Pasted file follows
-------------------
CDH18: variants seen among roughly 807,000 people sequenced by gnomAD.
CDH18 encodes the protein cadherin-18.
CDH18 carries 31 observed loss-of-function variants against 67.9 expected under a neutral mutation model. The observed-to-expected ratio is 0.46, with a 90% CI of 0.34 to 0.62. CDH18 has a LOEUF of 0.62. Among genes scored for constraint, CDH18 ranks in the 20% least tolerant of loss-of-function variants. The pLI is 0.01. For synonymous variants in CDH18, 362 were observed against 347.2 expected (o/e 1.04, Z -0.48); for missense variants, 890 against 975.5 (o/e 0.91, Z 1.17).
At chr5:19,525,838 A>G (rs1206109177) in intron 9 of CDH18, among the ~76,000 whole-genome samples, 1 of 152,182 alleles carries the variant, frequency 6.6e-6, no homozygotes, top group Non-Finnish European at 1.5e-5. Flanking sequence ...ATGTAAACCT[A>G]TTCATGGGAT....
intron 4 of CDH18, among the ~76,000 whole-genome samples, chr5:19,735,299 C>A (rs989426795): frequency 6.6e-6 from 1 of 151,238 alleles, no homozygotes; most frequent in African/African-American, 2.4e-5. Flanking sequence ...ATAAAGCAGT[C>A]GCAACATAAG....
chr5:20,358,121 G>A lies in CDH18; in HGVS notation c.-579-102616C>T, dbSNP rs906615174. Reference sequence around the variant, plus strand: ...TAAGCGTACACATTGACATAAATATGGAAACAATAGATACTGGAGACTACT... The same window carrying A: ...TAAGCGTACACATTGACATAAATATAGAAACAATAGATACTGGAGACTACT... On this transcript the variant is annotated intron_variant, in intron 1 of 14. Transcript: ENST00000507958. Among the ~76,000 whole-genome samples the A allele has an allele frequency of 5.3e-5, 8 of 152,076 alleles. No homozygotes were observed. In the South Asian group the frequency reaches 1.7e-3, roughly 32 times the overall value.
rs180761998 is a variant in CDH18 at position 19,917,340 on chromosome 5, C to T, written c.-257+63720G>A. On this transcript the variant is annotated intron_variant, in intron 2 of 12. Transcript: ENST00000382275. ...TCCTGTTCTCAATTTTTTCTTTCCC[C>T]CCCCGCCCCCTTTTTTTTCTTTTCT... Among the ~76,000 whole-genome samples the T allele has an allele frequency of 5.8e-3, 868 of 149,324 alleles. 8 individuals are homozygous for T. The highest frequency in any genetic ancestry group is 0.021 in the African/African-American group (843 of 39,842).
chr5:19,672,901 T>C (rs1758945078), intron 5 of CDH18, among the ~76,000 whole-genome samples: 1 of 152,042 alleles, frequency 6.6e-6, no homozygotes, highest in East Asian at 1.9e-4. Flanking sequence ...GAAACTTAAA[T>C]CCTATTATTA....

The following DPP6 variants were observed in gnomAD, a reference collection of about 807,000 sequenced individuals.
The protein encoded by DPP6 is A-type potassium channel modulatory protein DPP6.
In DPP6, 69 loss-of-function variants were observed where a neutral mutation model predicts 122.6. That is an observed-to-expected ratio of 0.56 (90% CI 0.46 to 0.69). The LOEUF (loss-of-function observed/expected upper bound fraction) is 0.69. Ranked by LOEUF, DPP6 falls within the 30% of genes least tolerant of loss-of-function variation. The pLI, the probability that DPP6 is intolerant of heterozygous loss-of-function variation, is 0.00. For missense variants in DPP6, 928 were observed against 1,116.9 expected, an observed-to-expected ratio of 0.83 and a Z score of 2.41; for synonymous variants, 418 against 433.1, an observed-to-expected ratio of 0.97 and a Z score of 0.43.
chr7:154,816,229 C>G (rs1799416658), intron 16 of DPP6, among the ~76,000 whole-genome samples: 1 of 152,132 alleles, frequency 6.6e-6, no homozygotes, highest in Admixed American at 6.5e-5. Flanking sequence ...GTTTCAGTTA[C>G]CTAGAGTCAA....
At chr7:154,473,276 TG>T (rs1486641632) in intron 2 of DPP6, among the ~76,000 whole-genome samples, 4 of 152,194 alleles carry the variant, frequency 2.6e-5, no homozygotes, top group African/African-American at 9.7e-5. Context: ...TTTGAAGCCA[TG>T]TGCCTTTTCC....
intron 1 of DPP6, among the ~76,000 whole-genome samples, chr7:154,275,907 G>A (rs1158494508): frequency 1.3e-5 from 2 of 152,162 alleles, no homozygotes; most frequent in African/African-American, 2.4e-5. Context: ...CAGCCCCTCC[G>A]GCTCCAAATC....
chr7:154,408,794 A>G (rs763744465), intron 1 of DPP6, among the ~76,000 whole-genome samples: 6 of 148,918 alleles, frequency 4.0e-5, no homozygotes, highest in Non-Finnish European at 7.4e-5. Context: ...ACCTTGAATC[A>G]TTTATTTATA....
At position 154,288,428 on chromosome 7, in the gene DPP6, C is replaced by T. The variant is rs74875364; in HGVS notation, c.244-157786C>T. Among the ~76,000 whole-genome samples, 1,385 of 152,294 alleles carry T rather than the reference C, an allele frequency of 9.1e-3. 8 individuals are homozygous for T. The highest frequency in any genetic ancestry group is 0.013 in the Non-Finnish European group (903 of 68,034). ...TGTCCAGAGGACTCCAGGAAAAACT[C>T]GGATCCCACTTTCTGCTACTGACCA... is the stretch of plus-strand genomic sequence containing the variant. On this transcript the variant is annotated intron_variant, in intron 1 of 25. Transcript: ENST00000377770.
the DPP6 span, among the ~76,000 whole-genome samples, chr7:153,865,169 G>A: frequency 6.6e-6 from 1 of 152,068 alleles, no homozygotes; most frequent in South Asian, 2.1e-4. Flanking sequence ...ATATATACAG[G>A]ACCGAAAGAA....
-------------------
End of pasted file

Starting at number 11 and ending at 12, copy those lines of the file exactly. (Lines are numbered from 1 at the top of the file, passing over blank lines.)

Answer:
In DPP6, 69 loss-of-function variants were observed where a neutral mutation model predicts 122.6. That is an observed-to-expected ratio of 0.56 (90% CI 0.46 to 0.69). The LOEUF (loss-of-function observed/expected upper bound fraction) is 0.69. Ranked by LOEUF, DPP6 falls within the 30% of genes least tolerant of loss-of-function variation. The pLI, the probability that DPP6 is intolerant of heterozygous loss-of-function variation, is 0.00. For missense variants in DPP6, 928 were observed against 1,116.9 expected, an observed-to-expected ratio of 0.83 and a Z score of 2.41; for synonymous variants, 418 against 433.1, an observed-to-expected ratio of 0.97 and a Z score of 0.43.
chr7:154,816,229 C>G (rs1799416658), intron 16 of DPP6, among the ~76,000 whole-genome samples: 1 of 152,132 alleles, frequency 6.6e-6, no homozygotes, highest in Admixed American at 6.5e-5. Flanking sequence ...GTTTCAGTTA[C>G]CTAGAGTCAA....